That was when it hit me. The people who met in the same place at the exact same time were able to coexist completely peacefully without any arguments or aggressions or pressure. We smiled at each other’s kids, wished each other well and went on about our business. There was a sense of calm about the entire hour that we spent in that gazebo, partially because Eitan slept through the entire thing, but also because of the atmosphere from the garden and the pleasant interactions we had with other zoo visitors. The flowers, the breeze and the human diversity all gave the place a feeling of positivity and hope. After trudging through the zoo all morning and fighting the heat and humidity of a tropical climate,3 we had found tranquility and comfort in a small hut with four benches and no doors or windows. The openness of the gazebo mimicked the openness of the animal enclosures, while the interactions between us and the other guests were just as remarkable as watching an orangutan cross the street in front of us while holding the hand of a zoo employee or seeing a giraffe lean over to eat vegetables out of Eitan’s hand. We were in a country that prides itself on diversity and we had just seen that sentiment play out before our eyes. We had all been able to share experiences and space, just as the street around the corner from my father’s apartment houses a Hindu temple, a Chinese cultural center and a church all right next to each other (plus a synagogue further on down the road).

There is something about this place, indeed.


1. Trust me, this mall was an attraction. Plaza Singapura has six floors, plus two sub-basement levels, close to thirty different restaurants (real ones, not just food court stands), furniture stores, spas, family lounges, travel agents and a supermarket. It has its own subway stop. And, apparently, it’s one of the smaller malls by Singapore standards.

2. They’re literally called “free-range orangutans.”

3. Singapore is only 85 miles north of the Equator.

Are We There Yet?

As you’ll read shortly, my family and I are currently in Singapore visiting my father. I decided I’m going to write about the trip, both to tell our friends and relatives how the trip is going and to give us another way to remember the trip after it’s done. I haven’t quite decided yet what the frequency of posts will be, but I’ll try to put up a few while we’re here and then maybe there will be some more afterward. Enjoy!


I’ve always been interested in the whole concept of time. The idea that it just keeps going, on and on, forever, is one of those things that tends to give me a headache if I let myself think about it too long. It’s a dangerous rabbit hole, sort of like when I start wondering about the size of the universe and how incredibly miniscule we are and whether or not we really have a purpose in our lives. Once I let myself start thinking about that kind of thing, I usually have to distract myself fairly quickly or my thoughts start snowballing and I have to go looking for Tylenol.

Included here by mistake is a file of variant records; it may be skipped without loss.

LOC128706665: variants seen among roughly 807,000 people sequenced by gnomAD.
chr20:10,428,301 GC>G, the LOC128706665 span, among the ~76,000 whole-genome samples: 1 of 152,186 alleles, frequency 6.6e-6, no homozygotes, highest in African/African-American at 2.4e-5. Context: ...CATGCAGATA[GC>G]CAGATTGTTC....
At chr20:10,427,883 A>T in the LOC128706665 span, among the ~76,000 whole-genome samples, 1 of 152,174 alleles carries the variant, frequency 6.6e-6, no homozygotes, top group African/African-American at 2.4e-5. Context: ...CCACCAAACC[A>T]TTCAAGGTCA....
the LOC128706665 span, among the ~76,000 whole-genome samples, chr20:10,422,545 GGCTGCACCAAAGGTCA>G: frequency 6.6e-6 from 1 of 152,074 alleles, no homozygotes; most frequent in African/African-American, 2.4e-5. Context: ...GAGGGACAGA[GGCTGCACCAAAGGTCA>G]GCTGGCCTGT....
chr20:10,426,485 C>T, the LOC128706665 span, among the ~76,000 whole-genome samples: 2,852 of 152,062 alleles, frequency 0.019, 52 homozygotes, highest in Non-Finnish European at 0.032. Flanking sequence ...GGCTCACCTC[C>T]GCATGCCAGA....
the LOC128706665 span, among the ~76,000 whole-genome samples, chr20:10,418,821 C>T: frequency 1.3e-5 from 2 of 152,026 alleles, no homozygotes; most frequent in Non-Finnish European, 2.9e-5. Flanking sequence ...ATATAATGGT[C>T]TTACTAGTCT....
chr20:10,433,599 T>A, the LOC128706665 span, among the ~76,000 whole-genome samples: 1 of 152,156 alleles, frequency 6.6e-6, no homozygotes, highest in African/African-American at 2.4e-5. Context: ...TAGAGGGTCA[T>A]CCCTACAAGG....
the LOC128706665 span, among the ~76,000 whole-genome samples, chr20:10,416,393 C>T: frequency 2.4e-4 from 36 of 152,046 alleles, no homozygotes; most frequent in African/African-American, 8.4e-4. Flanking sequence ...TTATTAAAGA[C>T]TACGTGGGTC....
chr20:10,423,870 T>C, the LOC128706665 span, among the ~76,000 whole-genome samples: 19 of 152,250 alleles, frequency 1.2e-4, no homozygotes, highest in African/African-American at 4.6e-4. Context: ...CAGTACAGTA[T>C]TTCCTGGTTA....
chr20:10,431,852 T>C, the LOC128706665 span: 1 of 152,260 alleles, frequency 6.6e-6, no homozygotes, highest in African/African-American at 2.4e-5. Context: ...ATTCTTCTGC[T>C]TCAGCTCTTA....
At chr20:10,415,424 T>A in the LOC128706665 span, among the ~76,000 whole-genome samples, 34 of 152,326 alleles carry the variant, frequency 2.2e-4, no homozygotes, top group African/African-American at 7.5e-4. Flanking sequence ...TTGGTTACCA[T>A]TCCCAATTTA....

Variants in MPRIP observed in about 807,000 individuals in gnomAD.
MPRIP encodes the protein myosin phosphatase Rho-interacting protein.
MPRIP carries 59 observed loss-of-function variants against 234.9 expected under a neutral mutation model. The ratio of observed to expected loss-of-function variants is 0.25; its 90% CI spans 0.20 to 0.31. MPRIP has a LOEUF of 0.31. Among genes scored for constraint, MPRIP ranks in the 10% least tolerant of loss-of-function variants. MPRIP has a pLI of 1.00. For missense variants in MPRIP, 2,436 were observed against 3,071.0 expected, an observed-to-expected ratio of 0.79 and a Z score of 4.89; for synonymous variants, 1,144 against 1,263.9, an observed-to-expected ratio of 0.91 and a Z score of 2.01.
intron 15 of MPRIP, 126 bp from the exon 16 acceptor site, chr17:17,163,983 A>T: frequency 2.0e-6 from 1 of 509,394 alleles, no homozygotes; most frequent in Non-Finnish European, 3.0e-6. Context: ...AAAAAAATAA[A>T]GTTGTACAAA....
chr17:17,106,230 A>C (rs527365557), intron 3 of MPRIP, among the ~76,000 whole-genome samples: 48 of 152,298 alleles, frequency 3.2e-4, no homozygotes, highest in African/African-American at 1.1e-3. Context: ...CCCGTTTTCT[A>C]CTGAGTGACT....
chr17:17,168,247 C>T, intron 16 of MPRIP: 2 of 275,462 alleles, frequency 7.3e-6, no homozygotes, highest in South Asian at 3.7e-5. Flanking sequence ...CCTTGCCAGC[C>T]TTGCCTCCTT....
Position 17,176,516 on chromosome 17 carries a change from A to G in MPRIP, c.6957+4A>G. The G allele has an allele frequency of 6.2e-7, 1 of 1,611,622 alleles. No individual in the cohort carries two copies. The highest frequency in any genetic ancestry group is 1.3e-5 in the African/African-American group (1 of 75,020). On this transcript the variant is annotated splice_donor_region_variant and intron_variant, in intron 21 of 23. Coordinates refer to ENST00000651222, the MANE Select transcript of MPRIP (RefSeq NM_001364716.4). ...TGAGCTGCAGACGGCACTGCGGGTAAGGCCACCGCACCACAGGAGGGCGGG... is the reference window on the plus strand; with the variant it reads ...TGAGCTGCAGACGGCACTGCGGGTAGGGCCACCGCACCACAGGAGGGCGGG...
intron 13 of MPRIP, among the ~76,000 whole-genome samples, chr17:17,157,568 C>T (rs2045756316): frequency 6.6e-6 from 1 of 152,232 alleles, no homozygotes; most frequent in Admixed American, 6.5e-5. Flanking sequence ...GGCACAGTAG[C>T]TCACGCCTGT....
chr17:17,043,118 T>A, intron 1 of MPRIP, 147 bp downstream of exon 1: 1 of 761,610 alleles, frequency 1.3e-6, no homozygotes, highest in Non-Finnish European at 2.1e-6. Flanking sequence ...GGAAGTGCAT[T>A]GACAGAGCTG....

Anyway, the reason why I’m thinking about such heady stuff is because Trudy, Eitan and I are currently sitting in a gigantic metal box that is flying literally to the other side of the planet.  We’re on the second leg of our trip from New York to Singapore to visit my father, who is living in Singapore for work for two years, and, at this point, we’re about two-thirds of the way there. We’ve been inside this airplane for about sixteen of the past seventeen hours: we boarded at around 8:00 PM on Wednesday evening, waited through a two-hour delay while engineers fixed an air valve, took the seven-hour flight from New York to Frankfurt, spent an hour wandering through the Frankfurt airport,1 then got back on the plane to finish the trip to Singapore.

It was around noon when we disembarked in Germany, even though it felt like 6:00 AM to us. And not your usual 6:00 AM where you get up, shower and start getting ready for work, by the way. This was the 6:00 AM you saw once in a while in college when you and your friends partied really late into the night and you can’t really remember everything that went down. All you know is that your muscles ache, the armchair you tried to sleep in definitely wasn’t big enough, everyone sort of smells a little and you’re pretty sure someone in your group slept in the bathtub. Oh, and instead of being lazy and wandering through the hallways while you get your bearings, you’re navigating the crowds of people who speak a different langauge and are all wide awake because it’s actually noon and they’ve been up for hours.

Look, truthfully, the trip hasn’t been that bad. I know some of you are cringing at the idea of ending that much time on a plane with a two-year-old – and believe me, so did we – but, all things considered, Eitan has been great. He slept through about half of the first flight, and he’s sleeping now too. Even when he’s been awake, he’s played with the Kindle, watched some kids shows on the airplane television, and, of course, became great friends with the flight attendants.2 But even with Eitan being on his best behavior through 90% of the trip so far, time is still messing with us and is a bit difficult to adjust to. Trudy and I keep having to do math to figure out what time it “really is” and it’s been tough to keep track of how much sleep we’ve gotten. Plus, we also realized the hard way that everything really is relative: when we got on the plane for the second flight, Trudy and I were both pretty excited to see an estimated travel time of eleven and a half hours, since we had been expecting 14 or 15 hours. That excitement faded quickly, though, when Eitan hit his second wave of “OhmyGodIwanttotoucheverythingandIjustcan’tstopmovingbecauseI’msoovertired” about two hours in and Trudy and I each came to the dreaded realization that we still had nine more hours to go. But he did eventually get to sleep, so we’re doing all right. Honestly, the only real significant issue with the trip has been the four-year-old in the row in front of us who keeps looking over the top of the seats at us and coughing into our row and using Trudy’s armrest for balance while he jumps in the aisle. I can think of a few friends in Forest Hills who would love to have the chance to teach this kid a lesson.

The flight map says six more hours…


1.  The feelings Trudy and I were having during our first time in Germany, even if it was just the airport, may turn into its own blog post too. I haven’t decided yet.

2. Quick shout-out to the Singapore Airlines staff – everyone has been unbelievable, from the grounds crews to the flight attendants all the way through. They’ve been attentive and helpful and on top of everything.

Tonight I Failed You

Dear Eitan,

I owe you an apology.